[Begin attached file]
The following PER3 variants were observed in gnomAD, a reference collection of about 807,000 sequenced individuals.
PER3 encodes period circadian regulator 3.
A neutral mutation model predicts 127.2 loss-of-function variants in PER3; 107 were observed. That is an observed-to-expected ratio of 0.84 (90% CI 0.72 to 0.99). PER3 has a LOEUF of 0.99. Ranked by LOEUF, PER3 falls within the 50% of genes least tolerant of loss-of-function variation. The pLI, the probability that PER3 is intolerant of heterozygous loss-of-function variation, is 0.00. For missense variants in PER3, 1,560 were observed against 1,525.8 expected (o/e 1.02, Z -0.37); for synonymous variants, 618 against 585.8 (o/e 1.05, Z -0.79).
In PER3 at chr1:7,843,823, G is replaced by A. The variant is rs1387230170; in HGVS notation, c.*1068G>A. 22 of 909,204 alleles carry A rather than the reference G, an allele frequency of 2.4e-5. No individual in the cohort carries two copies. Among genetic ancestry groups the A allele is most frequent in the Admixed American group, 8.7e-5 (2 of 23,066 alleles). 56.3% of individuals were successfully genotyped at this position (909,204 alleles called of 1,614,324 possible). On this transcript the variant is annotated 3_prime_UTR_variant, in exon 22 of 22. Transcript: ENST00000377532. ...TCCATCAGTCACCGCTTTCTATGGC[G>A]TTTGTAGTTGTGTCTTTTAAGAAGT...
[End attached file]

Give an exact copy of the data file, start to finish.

The following PER3 variants were observed in gnomAD, a reference collection of about 807,000 sequenced individuals.
PER3 encodes period circadian regulator 3.
A neutral mutation model predicts 127.2 loss-of-function variants in PER3; 107 were observed. That is an observed-to-expected ratio of 0.84 (90% CI 0.72 to 0.99). PER3 has a LOEUF of 0.99. Ranked by LOEUF, PER3 falls within the 50% of genes least tolerant of loss-of-function variation. The pLI, the probability that PER3 is intolerant of heterozygous loss-of-function variation, is 0.00. For missense variants in PER3, 1,560 were observed against 1,525.8 expected (o/e 1.02, Z -0.37); for synonymous variants, 618 against 585.8 (o/e 1.05, Z -0.79).
In PER3 at chr1:7,843,823, G is replaced by A. The variant is rs1387230170; in HGVS notation, c.*1068G>A. 22 of 909,204 alleles carry A rather than the reference G, an allele frequency of 2.4e-5. No individual in the cohort carries two copies. Among genetic ancestry groups the A allele is most frequent in the Admixed American group, 8.7e-5 (2 of 23,066 alleles). 56.3% of individuals were successfully genotyped at this position (909,204 alleles called of 1,614,324 possible). On this transcript the variant is annotated 3_prime_UTR_variant, in exon 22 of 22. Transcript: ENST00000377532. ...TCCATCAGTCACCGCTTTCTATGGC[G>A]TTTGTAGTTGTGTCTTTTAAGAAGT...